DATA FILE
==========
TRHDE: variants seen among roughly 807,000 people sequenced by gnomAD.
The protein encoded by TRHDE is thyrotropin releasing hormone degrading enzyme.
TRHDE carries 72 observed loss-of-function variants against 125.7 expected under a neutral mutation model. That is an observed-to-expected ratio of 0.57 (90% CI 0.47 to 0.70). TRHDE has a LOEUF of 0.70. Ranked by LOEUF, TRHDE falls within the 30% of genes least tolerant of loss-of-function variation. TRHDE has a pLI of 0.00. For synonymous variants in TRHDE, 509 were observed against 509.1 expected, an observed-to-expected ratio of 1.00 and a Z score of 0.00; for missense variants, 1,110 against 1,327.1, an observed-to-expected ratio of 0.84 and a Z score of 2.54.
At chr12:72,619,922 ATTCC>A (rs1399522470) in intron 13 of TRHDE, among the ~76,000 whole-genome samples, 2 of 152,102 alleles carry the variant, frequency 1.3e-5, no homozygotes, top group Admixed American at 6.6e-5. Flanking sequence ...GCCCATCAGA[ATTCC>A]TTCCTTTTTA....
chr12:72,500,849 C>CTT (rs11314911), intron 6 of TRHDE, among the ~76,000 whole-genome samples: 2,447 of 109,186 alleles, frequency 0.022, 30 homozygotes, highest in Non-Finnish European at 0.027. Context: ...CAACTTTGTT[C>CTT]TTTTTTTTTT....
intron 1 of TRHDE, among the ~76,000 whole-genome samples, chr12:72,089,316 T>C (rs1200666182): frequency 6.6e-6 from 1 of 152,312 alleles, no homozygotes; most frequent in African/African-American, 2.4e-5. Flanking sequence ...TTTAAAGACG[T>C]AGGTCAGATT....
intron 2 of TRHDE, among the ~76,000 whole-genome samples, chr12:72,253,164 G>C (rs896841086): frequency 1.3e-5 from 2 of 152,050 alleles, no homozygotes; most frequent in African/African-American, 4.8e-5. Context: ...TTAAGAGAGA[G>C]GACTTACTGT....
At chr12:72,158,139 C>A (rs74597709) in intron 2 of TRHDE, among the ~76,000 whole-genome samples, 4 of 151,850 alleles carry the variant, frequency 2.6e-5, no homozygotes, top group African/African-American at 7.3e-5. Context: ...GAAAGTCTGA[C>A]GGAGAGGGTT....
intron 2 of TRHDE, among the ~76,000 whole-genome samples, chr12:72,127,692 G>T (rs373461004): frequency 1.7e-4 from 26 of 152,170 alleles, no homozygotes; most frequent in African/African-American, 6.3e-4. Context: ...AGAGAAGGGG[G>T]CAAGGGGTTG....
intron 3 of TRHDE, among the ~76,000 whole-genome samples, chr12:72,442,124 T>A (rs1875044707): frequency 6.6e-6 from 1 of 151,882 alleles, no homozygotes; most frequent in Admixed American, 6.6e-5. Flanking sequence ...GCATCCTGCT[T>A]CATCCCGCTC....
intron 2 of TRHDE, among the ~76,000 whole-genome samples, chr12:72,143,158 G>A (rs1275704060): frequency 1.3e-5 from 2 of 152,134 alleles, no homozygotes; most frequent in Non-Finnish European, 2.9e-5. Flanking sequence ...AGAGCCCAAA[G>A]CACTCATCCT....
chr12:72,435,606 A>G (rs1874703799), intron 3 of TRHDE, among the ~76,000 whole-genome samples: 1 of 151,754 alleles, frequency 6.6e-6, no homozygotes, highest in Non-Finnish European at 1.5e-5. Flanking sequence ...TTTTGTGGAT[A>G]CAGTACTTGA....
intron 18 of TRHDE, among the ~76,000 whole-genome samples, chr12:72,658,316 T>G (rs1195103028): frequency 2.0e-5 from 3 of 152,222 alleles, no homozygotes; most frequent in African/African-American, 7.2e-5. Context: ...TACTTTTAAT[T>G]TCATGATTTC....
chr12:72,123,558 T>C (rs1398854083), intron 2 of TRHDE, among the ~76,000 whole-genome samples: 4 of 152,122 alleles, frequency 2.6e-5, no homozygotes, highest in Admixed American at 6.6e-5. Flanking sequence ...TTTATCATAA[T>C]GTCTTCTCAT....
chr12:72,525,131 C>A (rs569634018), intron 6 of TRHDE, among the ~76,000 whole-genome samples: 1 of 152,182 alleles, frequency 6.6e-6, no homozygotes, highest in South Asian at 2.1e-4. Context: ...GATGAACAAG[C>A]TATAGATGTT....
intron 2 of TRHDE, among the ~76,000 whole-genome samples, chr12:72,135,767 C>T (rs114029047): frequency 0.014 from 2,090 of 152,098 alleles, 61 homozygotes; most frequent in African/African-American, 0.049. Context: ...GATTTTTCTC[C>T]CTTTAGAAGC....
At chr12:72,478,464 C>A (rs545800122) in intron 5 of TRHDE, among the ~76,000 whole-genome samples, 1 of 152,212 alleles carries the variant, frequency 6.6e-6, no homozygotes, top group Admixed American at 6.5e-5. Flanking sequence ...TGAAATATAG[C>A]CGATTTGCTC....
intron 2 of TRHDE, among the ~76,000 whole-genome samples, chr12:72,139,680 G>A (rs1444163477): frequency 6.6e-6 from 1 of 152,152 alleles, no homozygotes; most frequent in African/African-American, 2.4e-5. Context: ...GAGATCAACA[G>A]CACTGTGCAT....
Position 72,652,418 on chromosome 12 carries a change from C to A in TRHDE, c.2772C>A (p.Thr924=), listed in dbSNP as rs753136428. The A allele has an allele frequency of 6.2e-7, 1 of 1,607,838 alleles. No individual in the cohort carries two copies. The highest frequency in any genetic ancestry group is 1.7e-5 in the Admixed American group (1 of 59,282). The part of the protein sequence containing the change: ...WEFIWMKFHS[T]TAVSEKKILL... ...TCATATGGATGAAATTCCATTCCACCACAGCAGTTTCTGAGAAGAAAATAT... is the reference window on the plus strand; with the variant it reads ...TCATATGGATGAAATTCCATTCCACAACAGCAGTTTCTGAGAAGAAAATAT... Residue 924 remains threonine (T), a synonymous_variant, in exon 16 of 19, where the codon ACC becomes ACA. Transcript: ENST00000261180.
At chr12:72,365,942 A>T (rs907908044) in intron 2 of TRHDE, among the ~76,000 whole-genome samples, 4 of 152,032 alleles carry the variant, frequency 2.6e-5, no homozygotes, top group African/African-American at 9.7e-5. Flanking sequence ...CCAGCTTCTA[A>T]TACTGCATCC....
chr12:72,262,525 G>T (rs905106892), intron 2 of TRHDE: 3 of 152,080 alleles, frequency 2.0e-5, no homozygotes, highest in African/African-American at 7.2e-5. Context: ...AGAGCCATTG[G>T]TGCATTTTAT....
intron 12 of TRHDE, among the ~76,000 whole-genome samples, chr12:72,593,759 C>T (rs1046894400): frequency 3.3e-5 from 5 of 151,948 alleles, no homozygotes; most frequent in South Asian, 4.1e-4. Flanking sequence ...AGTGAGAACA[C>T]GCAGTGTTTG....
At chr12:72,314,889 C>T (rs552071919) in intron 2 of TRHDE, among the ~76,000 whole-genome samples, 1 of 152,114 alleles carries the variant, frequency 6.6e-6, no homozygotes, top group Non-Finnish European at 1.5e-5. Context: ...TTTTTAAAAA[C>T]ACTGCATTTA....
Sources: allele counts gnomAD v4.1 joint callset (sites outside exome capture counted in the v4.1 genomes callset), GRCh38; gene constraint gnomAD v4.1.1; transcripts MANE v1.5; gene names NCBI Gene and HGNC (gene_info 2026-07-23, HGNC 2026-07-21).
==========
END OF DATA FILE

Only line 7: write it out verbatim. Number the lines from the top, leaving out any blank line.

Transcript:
intron 2 of TRHDE, among the ~76,000 whole-genome samples, chr12:72,253,164 G>C (rs896841086): frequency 1.3e-5 from 2 of 152,050 alleles, no homozygotes; most frequent in African/African-American, 4.8e-5. Context: ...TTAAGAGAGA[G>C]GACTTACTGT....